A wide range of continuous trait-based measures have been developed in recent years to more accurately quantify the functional diversity of a system (e.g. [7,8]). Current research indicates that these continuous measures are more appropriate descriptors of functional diversity than categorical measures, such as functional group richness . These new functional diversity measures have opened up a novel avenue of research, as it becomes clear that the functioning of an ecosystem is not governed by the phylogenetic content of its biota, rather by the functional traits of individuals . Here, a functional trait is described as a component of an organism's phenotype that determines its effect on ecosystem processes and its response to environmental factors . There is great promise that a trait-based assessment of natural systems will facilitate the maintenance of important ecosystem processes and services, by identifying key functional traits and functionally important species.
Studies are emerging that draw on these trait-based measures of functional diversity to identify high priority species for conservation. For example, Petchey et al.  have shown that trophically unique species are more susceptible to cascading extinctions, which leads to a greater than expected loss of trophic diversity after primary species loss. Continuous functional diversity measures have also been used to identify the unique impact of exotic mammalian predators on native bird populations, leading to increased probability of native species extinctions . Both of these studies have attempted to identify relationships between FU and a deleterious impact on natural ecosystems, i.e. cascading extinctions and native species loss. Ascertaining further relationships between FU and attributes of naturally occurring systems may highlight potential vulnerabilities in natural communities, whose protection may help to safeguard ecosystem functioning and stability.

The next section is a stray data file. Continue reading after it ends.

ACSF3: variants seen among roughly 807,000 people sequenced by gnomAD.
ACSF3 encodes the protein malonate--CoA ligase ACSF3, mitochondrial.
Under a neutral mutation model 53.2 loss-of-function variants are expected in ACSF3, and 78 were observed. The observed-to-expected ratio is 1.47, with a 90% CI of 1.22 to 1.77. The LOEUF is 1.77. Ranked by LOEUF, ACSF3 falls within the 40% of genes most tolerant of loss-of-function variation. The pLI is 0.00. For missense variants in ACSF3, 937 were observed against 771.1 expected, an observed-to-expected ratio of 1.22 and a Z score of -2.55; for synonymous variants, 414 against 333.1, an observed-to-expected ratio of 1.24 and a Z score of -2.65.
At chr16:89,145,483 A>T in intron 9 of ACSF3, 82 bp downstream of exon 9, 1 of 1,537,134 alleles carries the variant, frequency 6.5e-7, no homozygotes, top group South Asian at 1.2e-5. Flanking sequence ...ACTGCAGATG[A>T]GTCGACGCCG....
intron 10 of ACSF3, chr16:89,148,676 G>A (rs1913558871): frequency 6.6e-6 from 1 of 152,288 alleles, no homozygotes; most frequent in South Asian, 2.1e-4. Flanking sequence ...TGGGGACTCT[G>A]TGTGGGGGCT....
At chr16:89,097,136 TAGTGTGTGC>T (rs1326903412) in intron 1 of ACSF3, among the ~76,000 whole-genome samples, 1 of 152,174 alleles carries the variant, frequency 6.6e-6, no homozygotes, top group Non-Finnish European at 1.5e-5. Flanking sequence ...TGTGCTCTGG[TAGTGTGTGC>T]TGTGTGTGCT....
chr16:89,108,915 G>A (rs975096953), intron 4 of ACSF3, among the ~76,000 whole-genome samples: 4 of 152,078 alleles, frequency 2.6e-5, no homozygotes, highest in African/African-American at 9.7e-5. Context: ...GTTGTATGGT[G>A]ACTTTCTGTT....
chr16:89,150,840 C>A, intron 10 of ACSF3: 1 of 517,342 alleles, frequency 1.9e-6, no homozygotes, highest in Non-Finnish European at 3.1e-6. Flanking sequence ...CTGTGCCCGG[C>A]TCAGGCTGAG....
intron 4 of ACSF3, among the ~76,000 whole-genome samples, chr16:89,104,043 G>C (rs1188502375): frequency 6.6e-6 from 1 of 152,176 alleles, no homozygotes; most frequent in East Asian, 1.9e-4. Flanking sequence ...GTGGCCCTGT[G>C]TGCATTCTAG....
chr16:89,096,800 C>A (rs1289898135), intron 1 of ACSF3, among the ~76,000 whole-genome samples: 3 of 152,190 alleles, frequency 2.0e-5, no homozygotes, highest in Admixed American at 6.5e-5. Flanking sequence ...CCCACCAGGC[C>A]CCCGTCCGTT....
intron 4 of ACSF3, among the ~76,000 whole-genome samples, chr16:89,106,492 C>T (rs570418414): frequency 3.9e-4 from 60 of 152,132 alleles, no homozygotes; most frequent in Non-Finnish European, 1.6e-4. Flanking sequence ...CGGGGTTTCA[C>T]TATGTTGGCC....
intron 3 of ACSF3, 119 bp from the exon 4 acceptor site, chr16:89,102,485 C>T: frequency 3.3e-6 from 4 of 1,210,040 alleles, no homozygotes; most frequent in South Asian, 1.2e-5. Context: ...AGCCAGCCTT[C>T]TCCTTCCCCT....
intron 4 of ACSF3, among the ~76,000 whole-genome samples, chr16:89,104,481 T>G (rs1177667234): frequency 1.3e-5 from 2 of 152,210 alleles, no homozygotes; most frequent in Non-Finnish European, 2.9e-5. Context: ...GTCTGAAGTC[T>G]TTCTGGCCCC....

The distribution of interaction strengths in natural systems has repeatedly been shown to be an important determinant of stability [14–16]. Linear food chains consisting of strong interactions have been documented in many natural food webs and may drive community dynamics through cascading effects [4,17]. A prevalence of weak interactions appears to be important in dampening the destabilizing potential of these strong interactions . Patterns of many weak and few strong interactions appear to be ubiquitous in nature (e.g. ), with loss of weak interactors leading to reduced system stability  and an increased mean interaction strength, which limits the coexistence of many species .